Joint Centers of Excellence Program
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Biomaterial delivery of novel primitive retinal stem cells to treat retinopathy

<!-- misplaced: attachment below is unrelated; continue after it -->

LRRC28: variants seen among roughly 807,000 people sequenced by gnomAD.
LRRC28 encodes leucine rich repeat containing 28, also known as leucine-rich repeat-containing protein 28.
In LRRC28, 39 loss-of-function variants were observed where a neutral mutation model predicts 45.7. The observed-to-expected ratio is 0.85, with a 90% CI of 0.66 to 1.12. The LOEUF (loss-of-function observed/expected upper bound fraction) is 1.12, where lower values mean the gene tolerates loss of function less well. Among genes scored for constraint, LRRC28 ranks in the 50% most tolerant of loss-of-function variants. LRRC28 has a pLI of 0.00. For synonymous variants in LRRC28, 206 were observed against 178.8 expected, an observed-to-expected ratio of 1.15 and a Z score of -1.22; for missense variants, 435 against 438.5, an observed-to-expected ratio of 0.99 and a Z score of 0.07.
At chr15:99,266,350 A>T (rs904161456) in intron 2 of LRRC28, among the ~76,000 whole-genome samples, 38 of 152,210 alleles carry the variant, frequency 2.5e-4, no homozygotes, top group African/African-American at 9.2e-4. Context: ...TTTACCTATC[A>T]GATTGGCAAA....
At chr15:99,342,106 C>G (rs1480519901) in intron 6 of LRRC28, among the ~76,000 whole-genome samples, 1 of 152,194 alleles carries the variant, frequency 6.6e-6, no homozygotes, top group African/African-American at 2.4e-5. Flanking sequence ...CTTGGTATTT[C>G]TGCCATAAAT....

Age-related macular degeneration (AMD) is the leading cause of blindness in developed countries, affecting over 30 million people worldwide, and Stargardt’s macular dystrophy is the most common form of pediatric retinal degeneration. Both the common, dry form of advanced AMD and Stargardt’s result from the degeneration of the retinal pigmented epithelium (RPE), the cell layer surrounding the retina that provides trophic and structural support to photoreceptors. Despite the prevalence of AMD, these diseases are currently untreatable. In late stages of these diseases, RPE degeneration causes photoreceptor degeneration, so the ideal therapy would replace both RPE and photoreceptors. Replacing RPE will only support surviving photoreceptors; if few remain, this has little effect on vision. Conversely, replacing only photoreceptors would not be effective in the long term, as they require functional RPE to survive. Though transplantation of embryonic stem (ES) cell-derived RPE has advanced to clinical trials and transplantation of retinal progenitors has been shown to replace photoreceptors, no study has yet demonstrated simultaneous replacement of both RPE and photoreceptors. Further, the recent development of injectable hydrogels to improve transplant survival and distribution across the retina promises to enhance their efficacy. Here, we propose to develop a novel approach that combines human ES cell-derived primitive retinal stem cells (hpRSCs), which can differentiate into both RPE and photoreceptors, with a biomaterial delivery system.